Wednesday, January 15, 2014

Damascene brownies...damn!

Better call Saul.  There is a rich, fudgy gluten-free brownie that doesn't need a Get Out of Jail Free Card, and you can find the recipe here.  It's not my recipe because, after all, why the hell would I want to ruin a good thing and mess up my favorite brownie recipe?  But because I have friends that restrict gluten and because I love them, I wanted to make sure that they could eat dessert with the rest of us.  And I wanted to make sure that after offering them this brownie, I wouldn't have to leave town and assume a new identity.

These brownies kick some serious butt in the chocolate department, yo.  I do not want a cakey, dry brownie that looks and tastes as old as Hector Salamanca.  I want something moist and fudgy.  With substance.  No more half measures, these gluten-free brownies are bad ass.  They actually convinced me that I could give up [most of] my worldly possessions and follow a gluten-free lifestyle.  A kind of conversion, if you will.  Without the new identity.  Because, like Saul of the Damascene conversion, I have been fighting the need to forgo wheat gluten.

Was blind and now I see.

OK, so these look like little cupcakes because they are.

So, some rules about this gluten-free thing if you're going to do it.  Never use a mix so you can control better what is going into your food, always make from scratch because then you know your goodies haven't been sitting in a box in a non-climate-controlled warehouse for ages before they became goodies, and ALWAYS use best-quality ingredients. 

Additionally, make your own flours whenever you can.  One of the previous deterrents I experienced was sticker shock on those bags of almond flour and brown rice flour.  You can buy whole foods in bulk, grind your own flours and store in the fridge or freezer.  I milled my own almond and brown rice flours for this recipe with a blender on steroids (which is still inferior to my lusted-after Vitamix, and mind you, I WILL own one some day--when I'm in the empire business), which ensured that my flours were fresh and moist--and cost a lot less than the prepared versions at my local HEB. 

Know that if you use white rice flour, you will get a very middle-of-the-road, rather bland product that has less nutritional value than brown rice flour.  If you use brown rice flour, you not only get a boost in nutrition, you get all the richness and nuttiness of brown rice, which brings a lot of depth to things that need to be toothsome, like brownies.  Be aware, however, that rice flours produce a crumblier product and that they tend to absorb more water than wheat flours, so you will have to experiment with various recipes and techniques to get the finished result you want.  Whoever developed the brownie recipe at Ghirardelli knew what they were doing, because the dense mouthfeel, sugar and fat ratios of these little beauties is bitchin'.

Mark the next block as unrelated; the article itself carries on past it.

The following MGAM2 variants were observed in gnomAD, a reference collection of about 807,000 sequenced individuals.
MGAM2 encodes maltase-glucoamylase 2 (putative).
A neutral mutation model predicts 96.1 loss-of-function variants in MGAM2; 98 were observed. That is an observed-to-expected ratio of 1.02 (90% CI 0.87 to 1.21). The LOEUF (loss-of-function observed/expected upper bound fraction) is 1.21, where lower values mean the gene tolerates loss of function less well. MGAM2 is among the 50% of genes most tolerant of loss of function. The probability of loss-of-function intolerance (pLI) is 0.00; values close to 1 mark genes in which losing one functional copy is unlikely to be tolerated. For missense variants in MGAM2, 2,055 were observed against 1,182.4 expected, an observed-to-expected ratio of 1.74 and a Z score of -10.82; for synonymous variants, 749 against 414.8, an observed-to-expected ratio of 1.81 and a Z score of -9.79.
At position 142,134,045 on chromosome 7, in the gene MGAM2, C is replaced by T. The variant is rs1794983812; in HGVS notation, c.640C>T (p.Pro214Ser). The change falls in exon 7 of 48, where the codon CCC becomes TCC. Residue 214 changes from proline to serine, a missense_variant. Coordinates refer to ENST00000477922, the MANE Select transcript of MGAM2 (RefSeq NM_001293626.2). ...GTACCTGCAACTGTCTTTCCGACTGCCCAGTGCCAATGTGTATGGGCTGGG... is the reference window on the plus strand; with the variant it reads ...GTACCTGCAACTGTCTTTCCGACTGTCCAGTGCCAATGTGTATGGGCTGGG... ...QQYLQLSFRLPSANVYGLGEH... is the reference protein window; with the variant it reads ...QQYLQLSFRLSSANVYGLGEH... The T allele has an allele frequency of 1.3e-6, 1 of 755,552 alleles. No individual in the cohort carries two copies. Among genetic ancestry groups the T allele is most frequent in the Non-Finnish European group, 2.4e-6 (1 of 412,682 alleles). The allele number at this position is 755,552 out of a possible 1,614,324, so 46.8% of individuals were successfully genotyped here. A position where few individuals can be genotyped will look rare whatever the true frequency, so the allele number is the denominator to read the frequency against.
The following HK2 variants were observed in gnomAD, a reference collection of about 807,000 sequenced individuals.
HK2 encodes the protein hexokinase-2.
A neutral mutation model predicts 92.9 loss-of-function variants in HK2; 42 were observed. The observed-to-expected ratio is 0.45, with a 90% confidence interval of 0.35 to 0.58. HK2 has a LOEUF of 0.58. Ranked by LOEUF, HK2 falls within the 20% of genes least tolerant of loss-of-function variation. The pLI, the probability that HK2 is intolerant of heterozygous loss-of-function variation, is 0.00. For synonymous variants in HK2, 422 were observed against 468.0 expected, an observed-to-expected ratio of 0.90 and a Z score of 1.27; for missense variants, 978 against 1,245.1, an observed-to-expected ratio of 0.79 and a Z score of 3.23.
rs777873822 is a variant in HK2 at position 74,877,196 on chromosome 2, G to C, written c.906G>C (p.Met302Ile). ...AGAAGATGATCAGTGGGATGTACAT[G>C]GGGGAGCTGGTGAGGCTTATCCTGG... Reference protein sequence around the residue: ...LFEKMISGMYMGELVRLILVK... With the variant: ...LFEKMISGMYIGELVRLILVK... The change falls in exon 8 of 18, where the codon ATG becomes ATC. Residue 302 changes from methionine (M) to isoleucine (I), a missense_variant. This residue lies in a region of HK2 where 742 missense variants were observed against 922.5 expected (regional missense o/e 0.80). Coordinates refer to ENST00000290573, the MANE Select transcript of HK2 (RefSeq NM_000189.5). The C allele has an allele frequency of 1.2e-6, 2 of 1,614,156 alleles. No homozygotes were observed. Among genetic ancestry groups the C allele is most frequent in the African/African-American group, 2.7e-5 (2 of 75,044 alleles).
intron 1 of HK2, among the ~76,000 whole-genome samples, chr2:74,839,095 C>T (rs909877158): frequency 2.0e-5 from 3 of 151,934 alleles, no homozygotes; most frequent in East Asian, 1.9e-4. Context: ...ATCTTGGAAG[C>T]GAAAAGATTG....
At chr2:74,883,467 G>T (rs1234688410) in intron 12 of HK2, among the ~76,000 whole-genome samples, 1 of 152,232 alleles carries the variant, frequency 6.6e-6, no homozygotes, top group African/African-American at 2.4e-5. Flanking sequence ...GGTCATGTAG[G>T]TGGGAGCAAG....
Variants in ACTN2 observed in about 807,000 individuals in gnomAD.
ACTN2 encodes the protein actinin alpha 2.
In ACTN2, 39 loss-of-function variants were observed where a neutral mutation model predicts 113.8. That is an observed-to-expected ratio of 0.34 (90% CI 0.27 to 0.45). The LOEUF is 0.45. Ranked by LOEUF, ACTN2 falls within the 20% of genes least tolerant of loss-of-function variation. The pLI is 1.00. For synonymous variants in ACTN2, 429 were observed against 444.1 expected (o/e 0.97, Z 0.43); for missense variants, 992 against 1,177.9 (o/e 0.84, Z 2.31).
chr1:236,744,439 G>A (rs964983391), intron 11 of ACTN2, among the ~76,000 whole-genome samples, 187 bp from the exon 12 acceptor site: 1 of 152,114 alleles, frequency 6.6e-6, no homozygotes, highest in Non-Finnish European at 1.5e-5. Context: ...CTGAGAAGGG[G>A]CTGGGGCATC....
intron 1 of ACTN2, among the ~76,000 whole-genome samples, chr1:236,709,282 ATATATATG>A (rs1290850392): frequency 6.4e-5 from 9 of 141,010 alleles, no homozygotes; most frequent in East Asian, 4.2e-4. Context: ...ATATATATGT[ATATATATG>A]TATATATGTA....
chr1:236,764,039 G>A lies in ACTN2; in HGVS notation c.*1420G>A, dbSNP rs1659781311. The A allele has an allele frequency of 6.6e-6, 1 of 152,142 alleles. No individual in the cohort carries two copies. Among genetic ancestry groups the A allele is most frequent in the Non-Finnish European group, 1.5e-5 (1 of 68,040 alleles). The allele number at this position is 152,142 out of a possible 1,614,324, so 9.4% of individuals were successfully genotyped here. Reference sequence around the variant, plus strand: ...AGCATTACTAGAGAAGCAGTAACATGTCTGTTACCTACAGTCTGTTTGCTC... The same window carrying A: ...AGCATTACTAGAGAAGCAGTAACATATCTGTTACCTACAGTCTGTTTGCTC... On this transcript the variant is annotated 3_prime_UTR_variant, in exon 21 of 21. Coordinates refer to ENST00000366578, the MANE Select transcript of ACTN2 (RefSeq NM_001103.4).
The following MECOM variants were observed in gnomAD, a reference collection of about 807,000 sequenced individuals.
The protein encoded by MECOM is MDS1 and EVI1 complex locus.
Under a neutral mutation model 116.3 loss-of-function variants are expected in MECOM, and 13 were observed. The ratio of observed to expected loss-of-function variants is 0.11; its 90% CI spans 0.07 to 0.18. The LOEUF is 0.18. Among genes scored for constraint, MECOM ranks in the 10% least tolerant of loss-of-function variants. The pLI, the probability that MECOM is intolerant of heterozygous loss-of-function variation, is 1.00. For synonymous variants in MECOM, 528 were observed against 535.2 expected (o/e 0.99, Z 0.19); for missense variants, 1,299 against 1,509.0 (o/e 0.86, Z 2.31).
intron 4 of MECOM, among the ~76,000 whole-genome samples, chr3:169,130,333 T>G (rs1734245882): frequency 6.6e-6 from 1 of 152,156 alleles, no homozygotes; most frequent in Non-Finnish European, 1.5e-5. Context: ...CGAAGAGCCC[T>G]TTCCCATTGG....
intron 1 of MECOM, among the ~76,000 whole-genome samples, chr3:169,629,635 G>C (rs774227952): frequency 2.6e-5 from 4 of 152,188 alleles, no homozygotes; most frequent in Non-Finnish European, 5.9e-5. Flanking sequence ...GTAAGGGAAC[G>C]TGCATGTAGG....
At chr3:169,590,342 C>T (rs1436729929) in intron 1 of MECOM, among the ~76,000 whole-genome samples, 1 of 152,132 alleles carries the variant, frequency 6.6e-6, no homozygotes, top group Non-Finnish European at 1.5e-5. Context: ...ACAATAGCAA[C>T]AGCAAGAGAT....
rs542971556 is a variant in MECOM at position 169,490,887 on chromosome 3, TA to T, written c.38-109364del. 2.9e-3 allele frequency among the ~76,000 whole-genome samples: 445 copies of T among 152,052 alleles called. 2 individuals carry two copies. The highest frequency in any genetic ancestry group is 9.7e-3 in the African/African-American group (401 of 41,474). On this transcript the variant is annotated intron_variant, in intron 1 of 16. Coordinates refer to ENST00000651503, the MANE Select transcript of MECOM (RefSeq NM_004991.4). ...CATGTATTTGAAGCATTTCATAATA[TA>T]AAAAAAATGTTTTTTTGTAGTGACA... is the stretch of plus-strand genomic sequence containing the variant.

How to make your own flours from whole grains, nuts and rice:

Making your own flours is easy.  To make almond flour, use whole, blanched almonds and process to a fine powder.  Making brown rice flour is less easy, but still very doable: soak brown rice in water at room temperature for at least 24 hours--I would do it for 36 hours next time--then drain well and process.  In both cases, you will have to stop your not-Vitamix machine and push the flour down into the work bowl and redistribute the larger pieces.  The beauty of a Vitamix is that all you have to worry about is that your flours are getting too hot during the milling process.

If the recipe calls for real butter, use real butter for God's sake.  And use best quality chocolate or cocoa powder.  It makes a difference.  Personal preferences for chocolate brands vary and I know I will alienate some people here but please do not use Baker's or Hershey's chocolate/cocoa for this recipe.  I find that for baking, Ghirardelli and Scharffen Berger make the best chocolate.

I did this for me.  Now, say my name.

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